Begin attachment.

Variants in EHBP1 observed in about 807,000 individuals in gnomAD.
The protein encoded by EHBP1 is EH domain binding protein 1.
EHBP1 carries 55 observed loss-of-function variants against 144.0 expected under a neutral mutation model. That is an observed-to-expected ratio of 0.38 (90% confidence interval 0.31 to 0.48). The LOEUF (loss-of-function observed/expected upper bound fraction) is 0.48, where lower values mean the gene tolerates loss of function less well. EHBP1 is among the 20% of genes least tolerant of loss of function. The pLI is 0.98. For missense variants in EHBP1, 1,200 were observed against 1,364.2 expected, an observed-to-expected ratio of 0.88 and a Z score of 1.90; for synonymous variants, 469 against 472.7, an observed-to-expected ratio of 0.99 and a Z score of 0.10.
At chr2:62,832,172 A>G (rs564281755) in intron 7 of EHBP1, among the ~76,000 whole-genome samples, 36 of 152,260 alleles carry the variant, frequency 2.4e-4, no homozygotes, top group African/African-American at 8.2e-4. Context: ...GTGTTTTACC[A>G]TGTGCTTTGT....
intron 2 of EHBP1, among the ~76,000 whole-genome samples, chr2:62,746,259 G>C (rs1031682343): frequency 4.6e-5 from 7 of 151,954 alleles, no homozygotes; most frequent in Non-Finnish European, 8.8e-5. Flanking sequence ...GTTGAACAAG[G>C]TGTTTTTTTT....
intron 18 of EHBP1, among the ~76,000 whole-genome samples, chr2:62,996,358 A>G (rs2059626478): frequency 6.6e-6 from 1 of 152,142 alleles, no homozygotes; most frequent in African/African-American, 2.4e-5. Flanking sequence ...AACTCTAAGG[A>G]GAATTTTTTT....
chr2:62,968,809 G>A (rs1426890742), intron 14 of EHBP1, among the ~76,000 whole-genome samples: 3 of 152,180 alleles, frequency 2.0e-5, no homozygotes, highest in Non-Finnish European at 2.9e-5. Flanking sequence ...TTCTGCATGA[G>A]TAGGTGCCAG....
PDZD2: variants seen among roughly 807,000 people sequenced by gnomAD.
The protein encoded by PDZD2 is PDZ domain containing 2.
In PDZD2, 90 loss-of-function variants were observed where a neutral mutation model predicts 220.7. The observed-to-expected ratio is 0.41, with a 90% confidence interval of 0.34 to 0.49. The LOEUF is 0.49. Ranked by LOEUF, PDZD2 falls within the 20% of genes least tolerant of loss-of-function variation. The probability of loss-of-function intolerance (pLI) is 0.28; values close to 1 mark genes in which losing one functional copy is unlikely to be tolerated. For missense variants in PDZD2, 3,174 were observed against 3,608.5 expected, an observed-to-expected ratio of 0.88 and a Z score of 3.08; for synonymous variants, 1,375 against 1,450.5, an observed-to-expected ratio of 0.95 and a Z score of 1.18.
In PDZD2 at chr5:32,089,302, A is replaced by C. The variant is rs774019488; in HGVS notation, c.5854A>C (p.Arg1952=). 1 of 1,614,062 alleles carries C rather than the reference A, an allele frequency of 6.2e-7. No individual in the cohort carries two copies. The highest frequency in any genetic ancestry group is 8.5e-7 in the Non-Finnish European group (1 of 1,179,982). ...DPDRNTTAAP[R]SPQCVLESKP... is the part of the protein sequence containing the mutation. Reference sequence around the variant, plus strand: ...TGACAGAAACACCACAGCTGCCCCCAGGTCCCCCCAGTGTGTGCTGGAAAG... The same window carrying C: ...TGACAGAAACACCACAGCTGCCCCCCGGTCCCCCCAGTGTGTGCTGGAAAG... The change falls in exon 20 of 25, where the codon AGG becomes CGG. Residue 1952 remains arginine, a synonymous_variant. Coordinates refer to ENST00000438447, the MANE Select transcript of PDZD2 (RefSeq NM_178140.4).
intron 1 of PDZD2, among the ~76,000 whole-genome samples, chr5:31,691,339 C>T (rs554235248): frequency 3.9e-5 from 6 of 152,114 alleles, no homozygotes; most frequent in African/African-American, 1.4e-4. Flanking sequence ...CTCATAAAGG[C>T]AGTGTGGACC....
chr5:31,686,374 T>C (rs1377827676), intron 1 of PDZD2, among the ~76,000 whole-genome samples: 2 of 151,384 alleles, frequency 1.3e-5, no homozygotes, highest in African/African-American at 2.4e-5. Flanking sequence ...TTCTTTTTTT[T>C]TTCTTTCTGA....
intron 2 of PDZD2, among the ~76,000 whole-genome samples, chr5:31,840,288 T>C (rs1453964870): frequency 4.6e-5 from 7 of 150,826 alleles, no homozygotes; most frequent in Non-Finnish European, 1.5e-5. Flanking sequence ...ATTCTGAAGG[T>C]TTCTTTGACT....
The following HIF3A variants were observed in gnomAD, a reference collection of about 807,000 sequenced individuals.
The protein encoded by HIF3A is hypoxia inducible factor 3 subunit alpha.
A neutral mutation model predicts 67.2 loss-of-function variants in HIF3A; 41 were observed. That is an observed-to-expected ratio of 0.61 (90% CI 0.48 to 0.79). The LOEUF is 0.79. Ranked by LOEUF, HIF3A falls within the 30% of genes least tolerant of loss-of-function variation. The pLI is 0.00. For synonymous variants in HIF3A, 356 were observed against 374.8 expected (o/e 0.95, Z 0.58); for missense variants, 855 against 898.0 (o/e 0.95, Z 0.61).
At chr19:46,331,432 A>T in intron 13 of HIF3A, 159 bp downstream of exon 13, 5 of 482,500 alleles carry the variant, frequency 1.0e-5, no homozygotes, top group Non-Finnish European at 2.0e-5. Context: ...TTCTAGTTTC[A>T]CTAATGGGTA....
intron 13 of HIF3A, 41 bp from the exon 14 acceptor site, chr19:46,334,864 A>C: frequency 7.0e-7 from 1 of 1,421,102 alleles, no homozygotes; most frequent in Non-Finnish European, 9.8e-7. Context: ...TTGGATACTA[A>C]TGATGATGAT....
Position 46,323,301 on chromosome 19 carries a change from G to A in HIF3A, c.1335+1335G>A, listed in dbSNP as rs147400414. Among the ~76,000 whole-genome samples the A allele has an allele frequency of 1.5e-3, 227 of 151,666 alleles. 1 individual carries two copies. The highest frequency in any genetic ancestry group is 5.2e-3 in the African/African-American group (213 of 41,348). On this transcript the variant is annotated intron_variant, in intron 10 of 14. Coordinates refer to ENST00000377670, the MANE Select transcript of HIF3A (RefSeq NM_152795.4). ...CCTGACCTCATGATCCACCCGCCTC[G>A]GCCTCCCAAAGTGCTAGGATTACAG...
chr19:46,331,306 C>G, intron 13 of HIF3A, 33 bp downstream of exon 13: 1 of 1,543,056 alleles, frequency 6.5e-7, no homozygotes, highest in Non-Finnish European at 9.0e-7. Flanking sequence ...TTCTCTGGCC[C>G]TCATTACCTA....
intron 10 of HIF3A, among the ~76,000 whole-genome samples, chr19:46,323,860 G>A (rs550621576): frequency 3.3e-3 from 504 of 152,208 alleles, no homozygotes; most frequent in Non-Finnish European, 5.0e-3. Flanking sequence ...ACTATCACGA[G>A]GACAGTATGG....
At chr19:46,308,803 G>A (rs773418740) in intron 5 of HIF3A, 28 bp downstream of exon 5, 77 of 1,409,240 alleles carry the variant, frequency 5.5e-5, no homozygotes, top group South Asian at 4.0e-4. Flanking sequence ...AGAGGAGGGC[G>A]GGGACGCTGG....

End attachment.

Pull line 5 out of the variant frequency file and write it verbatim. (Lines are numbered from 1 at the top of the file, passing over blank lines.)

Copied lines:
intron 2 of EHBP1, among the ~76,000 whole-genome samples, chr2:62,746,259 G>C (rs1031682343): frequency 4.6e-5 from 7 of 151,954 alleles, no homozygotes; most frequent in Non-Finnish European, 8.8e-5. Flanking sequence ...GTTGAACAAG[G>C]TGTTTTTTTT....